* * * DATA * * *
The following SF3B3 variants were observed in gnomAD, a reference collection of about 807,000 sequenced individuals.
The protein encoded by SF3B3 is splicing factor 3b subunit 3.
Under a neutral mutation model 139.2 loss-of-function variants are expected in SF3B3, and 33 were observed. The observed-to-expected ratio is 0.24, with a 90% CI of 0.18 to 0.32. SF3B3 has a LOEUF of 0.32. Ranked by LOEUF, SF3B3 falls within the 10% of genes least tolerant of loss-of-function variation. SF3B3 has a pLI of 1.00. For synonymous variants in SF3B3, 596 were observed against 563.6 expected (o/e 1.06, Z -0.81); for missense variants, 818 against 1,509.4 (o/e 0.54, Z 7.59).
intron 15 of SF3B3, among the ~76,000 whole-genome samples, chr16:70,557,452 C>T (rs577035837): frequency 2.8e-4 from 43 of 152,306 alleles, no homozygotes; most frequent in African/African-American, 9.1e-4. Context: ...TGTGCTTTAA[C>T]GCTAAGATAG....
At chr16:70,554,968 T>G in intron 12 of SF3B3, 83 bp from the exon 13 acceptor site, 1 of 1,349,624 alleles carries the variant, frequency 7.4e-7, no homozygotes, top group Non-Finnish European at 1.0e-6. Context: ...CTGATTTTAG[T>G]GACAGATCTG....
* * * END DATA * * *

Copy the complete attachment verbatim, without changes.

The following SF3B3 variants were observed in gnomAD, a reference collection of about 807,000 sequenced individuals.
The protein encoded by SF3B3 is splicing factor 3b subunit 3.
Under a neutral mutation model 139.2 loss-of-function variants are expected in SF3B3, and 33 were observed. The observed-to-expected ratio is 0.24, with a 90% CI of 0.18 to 0.32. SF3B3 has a LOEUF of 0.32. Ranked by LOEUF, SF3B3 falls within the 10% of genes least tolerant of loss-of-function variation. SF3B3 has a pLI of 1.00. For synonymous variants in SF3B3, 596 were observed against 563.6 expected (o/e 1.06, Z -0.81); for missense variants, 818 against 1,509.4 (o/e 0.54, Z 7.59).
intron 15 of SF3B3, among the ~76,000 whole-genome samples, chr16:70,557,452 C>T (rs577035837): frequency 2.8e-4 from 43 of 152,306 alleles, no homozygotes; most frequent in African/African-American, 9.1e-4. Context: ...TGTGCTTTAA[C>T]GCTAAGATAG....
At chr16:70,554,968 T>G in intron 12 of SF3B3, 83 bp from the exon 13 acceptor site, 1 of 1,349,624 alleles carries the variant, frequency 7.4e-7, no homozygotes, top group Non-Finnish European at 1.0e-6. Context: ...CTGATTTTAG[T>G]GACAGATCTG....